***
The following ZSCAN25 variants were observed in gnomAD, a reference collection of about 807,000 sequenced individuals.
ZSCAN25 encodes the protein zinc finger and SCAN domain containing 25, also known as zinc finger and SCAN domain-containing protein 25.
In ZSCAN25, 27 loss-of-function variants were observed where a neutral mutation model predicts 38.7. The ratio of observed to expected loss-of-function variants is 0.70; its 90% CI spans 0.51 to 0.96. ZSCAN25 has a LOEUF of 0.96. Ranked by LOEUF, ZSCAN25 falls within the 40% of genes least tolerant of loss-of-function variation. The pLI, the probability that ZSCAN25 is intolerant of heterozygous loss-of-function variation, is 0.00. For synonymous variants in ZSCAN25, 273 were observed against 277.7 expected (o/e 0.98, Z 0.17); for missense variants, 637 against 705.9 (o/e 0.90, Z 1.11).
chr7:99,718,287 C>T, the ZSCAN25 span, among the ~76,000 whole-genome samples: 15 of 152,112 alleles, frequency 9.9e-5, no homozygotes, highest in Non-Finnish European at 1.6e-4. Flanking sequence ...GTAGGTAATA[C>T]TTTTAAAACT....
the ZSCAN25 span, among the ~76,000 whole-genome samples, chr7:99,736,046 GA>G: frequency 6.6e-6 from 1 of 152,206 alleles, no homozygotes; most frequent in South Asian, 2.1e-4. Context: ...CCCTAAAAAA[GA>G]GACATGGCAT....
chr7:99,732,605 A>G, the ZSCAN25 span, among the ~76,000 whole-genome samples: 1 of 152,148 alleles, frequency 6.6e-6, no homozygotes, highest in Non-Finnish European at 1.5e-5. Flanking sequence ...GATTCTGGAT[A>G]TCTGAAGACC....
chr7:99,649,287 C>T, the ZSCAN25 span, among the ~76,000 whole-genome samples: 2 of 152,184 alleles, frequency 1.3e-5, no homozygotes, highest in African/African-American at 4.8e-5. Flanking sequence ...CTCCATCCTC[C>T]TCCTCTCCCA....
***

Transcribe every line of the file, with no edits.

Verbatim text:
The following ZSCAN25 variants were observed in gnomAD, a reference collection of about 807,000 sequenced individuals.
ZSCAN25 encodes the protein zinc finger and SCAN domain containing 25, also known as zinc finger and SCAN domain-containing protein 25.
In ZSCAN25, 27 loss-of-function variants were observed where a neutral mutation model predicts 38.7. The ratio of observed to expected loss-of-function variants is 0.70; its 90% CI spans 0.51 to 0.96. ZSCAN25 has a LOEUF of 0.96. Ranked by LOEUF, ZSCAN25 falls within the 40% of genes least tolerant of loss-of-function variation. The pLI, the probability that ZSCAN25 is intolerant of heterozygous loss-of-function variation, is 0.00. For synonymous variants in ZSCAN25, 273 were observed against 277.7 expected (o/e 0.98, Z 0.17); for missense variants, 637 against 705.9 (o/e 0.90, Z 1.11).
chr7:99,718,287 C>T, the ZSCAN25 span, among the ~76,000 whole-genome samples: 15 of 152,112 alleles, frequency 9.9e-5, no homozygotes, highest in Non-Finnish European at 1.6e-4. Flanking sequence ...GTAGGTAATA[C>T]TTTTAAAACT....
the ZSCAN25 span, among the ~76,000 whole-genome samples, chr7:99,736,046 GA>G: frequency 6.6e-6 from 1 of 152,206 alleles, no homozygotes; most frequent in South Asian, 2.1e-4. Context: ...CCCTAAAAAA[GA>G]GACATGGCAT....
chr7:99,732,605 A>G, the ZSCAN25 span, among the ~76,000 whole-genome samples: 1 of 152,148 alleles, frequency 6.6e-6, no homozygotes, highest in Non-Finnish European at 1.5e-5. Flanking sequence ...GATTCTGGAT[A>G]TCTGAAGACC....
chr7:99,649,287 C>T, the ZSCAN25 span, among the ~76,000 whole-genome samples: 2 of 152,184 alleles, frequency 1.3e-5, no homozygotes, highest in African/African-American at 4.8e-5. Flanking sequence ...CTCCATCCTC[C>T]TCCTCTCCCA....